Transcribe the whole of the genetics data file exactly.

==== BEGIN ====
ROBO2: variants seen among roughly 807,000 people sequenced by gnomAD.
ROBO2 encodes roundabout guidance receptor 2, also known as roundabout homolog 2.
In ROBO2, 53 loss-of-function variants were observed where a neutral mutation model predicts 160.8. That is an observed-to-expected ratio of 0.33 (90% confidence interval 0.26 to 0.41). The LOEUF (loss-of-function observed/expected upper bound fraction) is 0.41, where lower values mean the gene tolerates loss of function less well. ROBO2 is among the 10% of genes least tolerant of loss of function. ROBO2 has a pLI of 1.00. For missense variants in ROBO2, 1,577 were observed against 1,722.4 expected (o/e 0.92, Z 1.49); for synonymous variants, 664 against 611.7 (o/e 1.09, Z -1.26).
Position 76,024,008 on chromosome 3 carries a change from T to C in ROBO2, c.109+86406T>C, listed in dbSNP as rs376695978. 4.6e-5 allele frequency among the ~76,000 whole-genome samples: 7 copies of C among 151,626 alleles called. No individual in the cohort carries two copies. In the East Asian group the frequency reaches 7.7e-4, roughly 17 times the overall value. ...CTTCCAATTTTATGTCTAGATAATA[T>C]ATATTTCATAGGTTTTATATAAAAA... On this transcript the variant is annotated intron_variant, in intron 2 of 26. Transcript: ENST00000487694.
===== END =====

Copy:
ROBO2: variants seen among roughly 807,000 people sequenced by gnomAD.
ROBO2 encodes roundabout guidance receptor 2, also known as roundabout homolog 2.
In ROBO2, 53 loss-of-function variants were observed where a neutral mutation model predicts 160.8. That is an observed-to-expected ratio of 0.33 (90% confidence interval 0.26 to 0.41). The LOEUF (loss-of-function observed/expected upper bound fraction) is 0.41, where lower values mean the gene tolerates loss of function less well. ROBO2 is among the 10% of genes least tolerant of loss of function. ROBO2 has a pLI of 1.00. For missense variants in ROBO2, 1,577 were observed against 1,722.4 expected (o/e 0.92, Z 1.49); for synonymous variants, 664 against 611.7 (o/e 1.09, Z -1.26).
Position 76,024,008 on chromosome 3 carries a change from T to C in ROBO2, c.109+86406T>C, listed in dbSNP as rs376695978. 4.6e-5 allele frequency among the ~76,000 whole-genome samples: 7 copies of C among 151,626 alleles called. No individual in the cohort carries two copies. In the East Asian group the frequency reaches 7.7e-4, roughly 17 times the overall value. ...CTTCCAATTTTATGTCTAGATAATA[T>C]ATATTTCATAGGTTTTATATAAAAA... On this transcript the variant is annotated intron_variant, in intron 2 of 26. Transcript: ENST00000487694.